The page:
Expiring From MHZ Choice: December 2016

The following titles are expiring from the SVOD service MHZ Choice on December 1, 2016. MHZ Choice focuses on international programs from more than a dozen countries.

A Case Of Conscience (Italy) (2 Seasons)
Rocco Tasca is a hot-shot lawyer for a firm that's made a fortune advancing the interests of corporate clients.... and he's losing his soul. He walks away from his job as well as his ambitious girlfriend, and starts arguing cases on behalf of the underdogs who dare to stand against corporate greed, environmental irresponsibility and bigotry.

East West 101 (Australia) (3 Seasons)
Zane Malik is a young detective at the Major Crime Squad in Sydney, Australia. He’s also a Muslim, in a post-9/11 world where such an identity automatically arouses suspicion and fear. Malik and his team work together to solve a variety of cases involving people who represent a cross-section of modern Australia.

Fat Friends (U.K.) (4 Seasons)
Fat Friends is a sparkling British comedy-drama starring James Corden (The Late Late Show) and Alison Steadman (Topsy-Turvy, Gavin & Stacey) which follows the lives and loves of the members of a weekly weight-loss club. In their fight against the pounds, men and women from different backgrounds and in different seasons of life discover a unique friendship with each other. When the chips are down, or when you're trying not to eat the chips, all you have are your friends!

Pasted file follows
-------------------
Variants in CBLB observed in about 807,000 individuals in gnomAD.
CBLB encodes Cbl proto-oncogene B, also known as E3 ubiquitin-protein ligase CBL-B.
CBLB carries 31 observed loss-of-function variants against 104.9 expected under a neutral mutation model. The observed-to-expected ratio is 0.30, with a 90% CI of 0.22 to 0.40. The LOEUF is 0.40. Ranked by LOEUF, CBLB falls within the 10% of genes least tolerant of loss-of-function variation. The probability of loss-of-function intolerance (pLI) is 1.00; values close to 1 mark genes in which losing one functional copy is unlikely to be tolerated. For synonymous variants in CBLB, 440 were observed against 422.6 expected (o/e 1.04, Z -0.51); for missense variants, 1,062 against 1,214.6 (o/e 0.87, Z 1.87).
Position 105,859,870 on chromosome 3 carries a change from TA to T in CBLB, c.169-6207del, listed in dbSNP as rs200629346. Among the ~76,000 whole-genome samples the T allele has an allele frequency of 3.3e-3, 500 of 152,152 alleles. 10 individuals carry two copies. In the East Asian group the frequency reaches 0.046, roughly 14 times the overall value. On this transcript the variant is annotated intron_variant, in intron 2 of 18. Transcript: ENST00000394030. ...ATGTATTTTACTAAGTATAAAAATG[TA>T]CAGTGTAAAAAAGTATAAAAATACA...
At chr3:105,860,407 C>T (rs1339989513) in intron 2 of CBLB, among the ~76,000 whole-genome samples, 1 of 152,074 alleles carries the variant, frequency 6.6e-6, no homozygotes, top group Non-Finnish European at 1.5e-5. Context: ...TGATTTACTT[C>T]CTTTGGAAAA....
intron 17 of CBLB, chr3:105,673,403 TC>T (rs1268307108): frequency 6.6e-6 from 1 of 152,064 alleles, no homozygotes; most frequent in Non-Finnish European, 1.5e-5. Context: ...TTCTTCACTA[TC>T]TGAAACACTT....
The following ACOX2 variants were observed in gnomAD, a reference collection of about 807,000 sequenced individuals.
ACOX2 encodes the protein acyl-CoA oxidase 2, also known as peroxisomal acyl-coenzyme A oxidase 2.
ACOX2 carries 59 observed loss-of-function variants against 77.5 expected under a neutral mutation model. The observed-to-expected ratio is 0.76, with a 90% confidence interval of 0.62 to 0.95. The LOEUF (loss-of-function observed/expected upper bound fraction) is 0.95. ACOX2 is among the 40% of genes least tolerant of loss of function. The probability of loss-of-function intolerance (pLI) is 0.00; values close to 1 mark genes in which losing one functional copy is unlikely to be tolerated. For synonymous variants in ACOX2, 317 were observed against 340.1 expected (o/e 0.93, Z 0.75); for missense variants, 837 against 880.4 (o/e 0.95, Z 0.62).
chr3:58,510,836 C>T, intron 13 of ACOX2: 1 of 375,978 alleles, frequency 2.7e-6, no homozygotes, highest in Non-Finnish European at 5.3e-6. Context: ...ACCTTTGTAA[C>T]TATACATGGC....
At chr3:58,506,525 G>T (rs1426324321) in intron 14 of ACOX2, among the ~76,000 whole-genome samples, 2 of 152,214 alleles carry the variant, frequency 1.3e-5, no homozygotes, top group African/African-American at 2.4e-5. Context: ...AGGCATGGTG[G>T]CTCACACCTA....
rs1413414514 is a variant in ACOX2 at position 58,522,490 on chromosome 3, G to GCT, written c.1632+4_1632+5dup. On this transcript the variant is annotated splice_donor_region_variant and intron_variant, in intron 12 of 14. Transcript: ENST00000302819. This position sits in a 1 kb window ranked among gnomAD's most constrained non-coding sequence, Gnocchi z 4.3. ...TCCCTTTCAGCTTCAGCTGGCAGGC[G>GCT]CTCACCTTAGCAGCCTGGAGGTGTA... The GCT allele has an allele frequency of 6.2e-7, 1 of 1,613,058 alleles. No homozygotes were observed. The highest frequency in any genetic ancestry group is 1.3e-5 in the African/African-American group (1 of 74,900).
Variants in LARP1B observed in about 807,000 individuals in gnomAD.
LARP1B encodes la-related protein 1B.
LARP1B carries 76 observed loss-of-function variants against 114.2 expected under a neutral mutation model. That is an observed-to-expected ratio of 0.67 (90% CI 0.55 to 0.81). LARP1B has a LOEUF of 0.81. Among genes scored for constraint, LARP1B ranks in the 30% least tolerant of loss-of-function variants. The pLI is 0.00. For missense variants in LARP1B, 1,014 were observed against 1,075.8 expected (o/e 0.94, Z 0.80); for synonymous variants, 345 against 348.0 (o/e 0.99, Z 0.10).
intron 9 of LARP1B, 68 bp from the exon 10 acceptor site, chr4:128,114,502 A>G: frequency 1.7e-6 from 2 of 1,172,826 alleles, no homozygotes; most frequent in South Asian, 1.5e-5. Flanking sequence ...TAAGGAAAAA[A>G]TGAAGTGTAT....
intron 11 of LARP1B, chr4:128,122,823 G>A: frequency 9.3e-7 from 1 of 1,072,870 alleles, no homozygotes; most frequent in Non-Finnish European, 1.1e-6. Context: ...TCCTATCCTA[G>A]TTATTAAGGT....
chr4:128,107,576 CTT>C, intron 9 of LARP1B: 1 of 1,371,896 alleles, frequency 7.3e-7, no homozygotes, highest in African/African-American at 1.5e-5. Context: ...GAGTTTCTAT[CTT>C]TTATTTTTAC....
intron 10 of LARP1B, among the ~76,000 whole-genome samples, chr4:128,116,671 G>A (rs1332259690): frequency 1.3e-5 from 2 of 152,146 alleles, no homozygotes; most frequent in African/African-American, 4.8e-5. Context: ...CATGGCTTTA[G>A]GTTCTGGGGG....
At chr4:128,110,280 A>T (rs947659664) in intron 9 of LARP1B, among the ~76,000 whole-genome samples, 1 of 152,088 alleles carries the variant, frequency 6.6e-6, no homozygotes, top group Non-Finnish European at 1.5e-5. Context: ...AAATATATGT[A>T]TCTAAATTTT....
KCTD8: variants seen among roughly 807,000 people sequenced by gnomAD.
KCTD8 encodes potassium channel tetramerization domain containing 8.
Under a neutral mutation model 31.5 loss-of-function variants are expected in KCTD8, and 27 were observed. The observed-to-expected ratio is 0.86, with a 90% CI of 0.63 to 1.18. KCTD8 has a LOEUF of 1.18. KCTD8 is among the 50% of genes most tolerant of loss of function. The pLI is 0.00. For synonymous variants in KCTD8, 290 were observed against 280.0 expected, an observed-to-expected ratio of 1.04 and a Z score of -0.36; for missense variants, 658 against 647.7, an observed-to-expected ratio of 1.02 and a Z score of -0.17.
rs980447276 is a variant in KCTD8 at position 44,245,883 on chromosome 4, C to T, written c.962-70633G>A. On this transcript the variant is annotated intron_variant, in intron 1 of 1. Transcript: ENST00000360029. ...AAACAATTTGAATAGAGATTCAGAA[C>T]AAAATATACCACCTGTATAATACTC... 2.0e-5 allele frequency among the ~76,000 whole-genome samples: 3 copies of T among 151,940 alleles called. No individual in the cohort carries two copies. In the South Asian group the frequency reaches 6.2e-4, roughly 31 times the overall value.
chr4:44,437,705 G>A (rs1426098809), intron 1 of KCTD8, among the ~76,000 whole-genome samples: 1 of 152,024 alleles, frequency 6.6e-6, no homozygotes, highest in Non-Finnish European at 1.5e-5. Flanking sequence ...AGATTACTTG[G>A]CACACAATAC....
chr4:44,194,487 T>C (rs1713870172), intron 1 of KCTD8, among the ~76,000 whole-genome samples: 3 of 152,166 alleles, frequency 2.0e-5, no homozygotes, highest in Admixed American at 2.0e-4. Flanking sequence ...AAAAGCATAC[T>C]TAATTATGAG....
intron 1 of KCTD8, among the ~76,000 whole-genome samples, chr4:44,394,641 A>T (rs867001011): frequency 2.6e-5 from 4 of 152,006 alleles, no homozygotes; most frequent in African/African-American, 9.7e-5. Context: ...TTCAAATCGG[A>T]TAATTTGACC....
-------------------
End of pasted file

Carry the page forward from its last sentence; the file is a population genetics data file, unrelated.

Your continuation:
Those In Power (Sweden) (6 Episodes)
Power, the ultimate aphrodisiac. It brings out the altruist or the monster in those who have it or want it, fueling loyalty and sacrifice or betrayal and secret alliances. In this gripping political trilogy set in the power epicenter of Stockholm, agendas and oversized egos collide as Social Democrats square off with conservatives over who will command the country as it faces the challenges of the 21st century: unemployment, recession, immigration and the environment.

Tito And Me (Yugoslavia) (1 Episode)
Tito and Me was the last feature film made in the former Yugoslavia before war decimated the country. In fact, shooting for the film began two days into the war. Despite the bombing, director Goran Marcovic continued filming with the enthusiastic support of cast and crew. By its very emergence from the destruction of war, Tito and Me is a bold triumph of art over politics.